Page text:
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[log in to unmask]" align=right alt="http://sim.management.dal.ca/Images/Continuing_Education/IM_Public_Lectures/IM%20Public%20Lecture%20Logo.jpg" v:shapes="Picture_x0020_2">Public Lecture

Marshall McLuhan at 100: Centenary Year Reflections
Presented by Dr. Terrence Gordon 

[log in to unmask]" align=left hspace=12 v:shapes="Picture_x0020_1">Date: Thursday, November 3rd, 2011
Time: 12:00-1:00pm
Location: Dalhousie University, Kenneth C. Rowe Building, Room 1020

Abstract

At the height of his popularity on the international lecture circuit in the 1960s and ‘70s, Marshall McLuhan was both hailed for evoking a future of universal understanding and unity through computer technology and vilified for contributing to the demise of print culture.  One hundred years after his birth and thirty years after his death, building on the enduring legacy of his writings depends on avoiding such simplistic and radical interpretations of the framework that McLuhan offered for a full understanding of the relationship between culture and technology.  This presentation distils essential McLuhan, including rarely explored dimensions of his thought, in order to shows its relevance to twenty-first century life.

 

Speaker Information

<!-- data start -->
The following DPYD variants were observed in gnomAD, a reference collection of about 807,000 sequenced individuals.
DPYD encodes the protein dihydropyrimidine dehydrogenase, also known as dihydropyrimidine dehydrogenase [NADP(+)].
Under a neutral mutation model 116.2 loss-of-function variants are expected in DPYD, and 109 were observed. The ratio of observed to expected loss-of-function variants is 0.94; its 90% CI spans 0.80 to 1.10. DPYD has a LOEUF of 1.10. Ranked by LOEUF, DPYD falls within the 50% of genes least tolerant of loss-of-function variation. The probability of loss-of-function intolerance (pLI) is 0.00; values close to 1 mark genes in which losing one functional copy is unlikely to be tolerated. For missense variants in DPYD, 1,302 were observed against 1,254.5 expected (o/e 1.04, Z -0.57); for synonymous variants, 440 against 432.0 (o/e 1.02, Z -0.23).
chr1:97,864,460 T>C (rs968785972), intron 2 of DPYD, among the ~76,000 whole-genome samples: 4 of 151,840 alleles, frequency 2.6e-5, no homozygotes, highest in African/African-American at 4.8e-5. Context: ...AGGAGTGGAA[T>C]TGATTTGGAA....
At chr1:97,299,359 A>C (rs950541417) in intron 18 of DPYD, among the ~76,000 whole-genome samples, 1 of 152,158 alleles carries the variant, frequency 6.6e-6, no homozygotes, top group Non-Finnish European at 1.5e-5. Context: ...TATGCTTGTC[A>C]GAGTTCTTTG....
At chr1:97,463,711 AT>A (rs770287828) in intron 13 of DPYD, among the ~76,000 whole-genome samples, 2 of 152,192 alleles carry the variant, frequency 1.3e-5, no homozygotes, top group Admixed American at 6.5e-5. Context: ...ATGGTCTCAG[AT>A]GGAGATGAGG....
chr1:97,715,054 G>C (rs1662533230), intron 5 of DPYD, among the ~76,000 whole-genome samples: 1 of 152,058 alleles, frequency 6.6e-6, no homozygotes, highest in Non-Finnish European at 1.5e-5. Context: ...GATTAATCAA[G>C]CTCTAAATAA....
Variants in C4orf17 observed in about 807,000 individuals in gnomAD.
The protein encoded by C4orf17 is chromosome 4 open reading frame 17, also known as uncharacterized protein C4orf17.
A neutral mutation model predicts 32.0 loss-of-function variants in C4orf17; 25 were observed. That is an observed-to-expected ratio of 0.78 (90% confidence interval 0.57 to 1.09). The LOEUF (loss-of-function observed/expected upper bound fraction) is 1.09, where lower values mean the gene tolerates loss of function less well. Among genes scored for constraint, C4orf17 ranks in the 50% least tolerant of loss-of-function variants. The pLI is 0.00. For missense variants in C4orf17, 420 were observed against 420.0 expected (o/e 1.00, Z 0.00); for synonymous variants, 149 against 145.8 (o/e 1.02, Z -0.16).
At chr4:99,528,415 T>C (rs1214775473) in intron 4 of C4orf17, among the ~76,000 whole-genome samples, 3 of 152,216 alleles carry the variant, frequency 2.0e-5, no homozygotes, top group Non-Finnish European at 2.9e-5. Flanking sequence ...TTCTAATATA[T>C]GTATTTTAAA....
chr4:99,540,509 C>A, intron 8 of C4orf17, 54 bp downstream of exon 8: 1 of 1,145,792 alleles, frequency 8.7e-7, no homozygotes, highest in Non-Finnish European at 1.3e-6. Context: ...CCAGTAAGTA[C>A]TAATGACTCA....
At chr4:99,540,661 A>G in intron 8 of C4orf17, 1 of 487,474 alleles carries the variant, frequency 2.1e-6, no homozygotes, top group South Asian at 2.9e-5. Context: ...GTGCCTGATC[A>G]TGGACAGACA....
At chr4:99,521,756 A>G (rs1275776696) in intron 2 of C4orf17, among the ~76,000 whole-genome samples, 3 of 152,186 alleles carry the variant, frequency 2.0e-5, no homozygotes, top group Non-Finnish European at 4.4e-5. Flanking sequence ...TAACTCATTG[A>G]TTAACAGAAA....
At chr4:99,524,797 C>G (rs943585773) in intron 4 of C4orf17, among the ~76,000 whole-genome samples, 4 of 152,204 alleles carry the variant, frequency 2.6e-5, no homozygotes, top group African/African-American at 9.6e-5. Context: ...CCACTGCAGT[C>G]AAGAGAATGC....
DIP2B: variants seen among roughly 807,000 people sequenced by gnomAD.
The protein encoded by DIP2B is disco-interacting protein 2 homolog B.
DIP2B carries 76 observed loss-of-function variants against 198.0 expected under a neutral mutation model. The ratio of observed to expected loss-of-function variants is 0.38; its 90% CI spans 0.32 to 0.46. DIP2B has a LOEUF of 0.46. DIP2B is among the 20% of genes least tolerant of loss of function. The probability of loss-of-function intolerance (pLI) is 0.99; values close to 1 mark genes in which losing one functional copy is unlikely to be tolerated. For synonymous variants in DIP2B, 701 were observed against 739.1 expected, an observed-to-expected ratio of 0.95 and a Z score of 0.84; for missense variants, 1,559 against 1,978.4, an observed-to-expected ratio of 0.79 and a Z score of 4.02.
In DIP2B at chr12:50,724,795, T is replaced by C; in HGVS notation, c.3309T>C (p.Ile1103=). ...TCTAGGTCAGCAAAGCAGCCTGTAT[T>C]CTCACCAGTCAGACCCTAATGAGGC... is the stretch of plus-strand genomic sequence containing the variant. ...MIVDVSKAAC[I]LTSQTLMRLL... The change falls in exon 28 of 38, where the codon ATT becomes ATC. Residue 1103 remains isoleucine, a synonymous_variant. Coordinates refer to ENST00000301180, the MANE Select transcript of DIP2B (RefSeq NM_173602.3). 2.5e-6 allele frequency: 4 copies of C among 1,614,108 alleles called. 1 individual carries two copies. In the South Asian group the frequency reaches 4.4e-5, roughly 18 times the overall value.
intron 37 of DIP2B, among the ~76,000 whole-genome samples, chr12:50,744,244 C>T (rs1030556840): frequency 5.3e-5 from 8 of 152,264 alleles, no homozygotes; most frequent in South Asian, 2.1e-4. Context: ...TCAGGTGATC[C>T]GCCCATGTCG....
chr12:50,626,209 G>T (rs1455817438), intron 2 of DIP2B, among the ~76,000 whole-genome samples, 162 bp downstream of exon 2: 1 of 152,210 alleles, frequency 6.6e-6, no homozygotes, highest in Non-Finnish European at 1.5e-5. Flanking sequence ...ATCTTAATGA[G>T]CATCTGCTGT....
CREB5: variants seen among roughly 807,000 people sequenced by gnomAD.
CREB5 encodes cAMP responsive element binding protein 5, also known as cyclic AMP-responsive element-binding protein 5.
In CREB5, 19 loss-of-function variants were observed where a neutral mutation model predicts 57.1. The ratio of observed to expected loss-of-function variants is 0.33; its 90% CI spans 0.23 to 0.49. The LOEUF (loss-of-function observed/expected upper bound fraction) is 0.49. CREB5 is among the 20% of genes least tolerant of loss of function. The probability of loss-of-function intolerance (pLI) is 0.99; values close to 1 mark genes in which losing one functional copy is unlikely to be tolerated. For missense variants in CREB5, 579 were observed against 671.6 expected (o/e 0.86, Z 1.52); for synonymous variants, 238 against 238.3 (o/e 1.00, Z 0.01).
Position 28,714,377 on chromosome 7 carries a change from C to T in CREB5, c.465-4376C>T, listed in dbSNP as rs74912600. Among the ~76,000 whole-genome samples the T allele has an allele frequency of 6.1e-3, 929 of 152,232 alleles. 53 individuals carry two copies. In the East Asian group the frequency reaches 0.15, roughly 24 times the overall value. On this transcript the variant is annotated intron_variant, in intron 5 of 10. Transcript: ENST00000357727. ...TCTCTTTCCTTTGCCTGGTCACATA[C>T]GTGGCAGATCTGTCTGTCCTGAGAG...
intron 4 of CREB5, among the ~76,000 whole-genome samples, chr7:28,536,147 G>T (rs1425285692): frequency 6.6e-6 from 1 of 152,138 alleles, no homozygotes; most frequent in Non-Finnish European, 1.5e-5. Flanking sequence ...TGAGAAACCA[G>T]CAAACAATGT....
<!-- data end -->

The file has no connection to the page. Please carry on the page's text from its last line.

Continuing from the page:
[log in to unmask]" align=right hspace=10 alt="http://sim.management.dal.ca/Images/Continuing_Education/IM_Public_Lectures/Terrence%20Gordon.JPG" v:shapes="Picture_x0020_3">Dr. Terrence Gordon began his teaching career in the Department of Romance Languages at the University of Alberta, before joining what was then the Department of Romance Languages at Dalhousie University in 1972.  Over the next thirty years, he taught a variety of courses, including translation, linguistics, the role of radio propaganda in World War II, and Marshall McLuhan's media analysis.  In 1998-99 he launched courses in Italian that would lead to the formation of Dalhousie's program in Italian Studies.  At the time of his retirement from full-time teaching at Dalhousie, he held the Alexander McLeod Chair in Modern Languages and has since continued teaching and curriculum development in semantics, semiotics, linguistic theory, and history of linguistics at St. Mary’s University.  Dr. Gordon was the first North American scholar to have his work published in the Cahiers Ferdinand de Saussure (Geneva), and the first scholar to be awarded a grant from the Basic English Foundation (U.K.) for research on the life and work of Charles Kay Ogden.  His work has appeared in publications as diverse as Meta, Babel, Indogermanische Forschungen, The Semiotic Web, Historiographia Linguistica, Histoire-Epistemologie-Langage, CMLR, The French Review, Language Quarterly, et cetera, Dalhousie Review, and many others. The first of his four books on the life and work of Marshall McLuhan brought him the invitation to write McLuhan's biography and he has subsequently produced critical editions of four of McLuhan's major works.  He is rumoured to be the same person whose name appears as Terry Gordon on real estate signs around Halifax and a popular teacher at the Nova Scotia Association of REALTORs®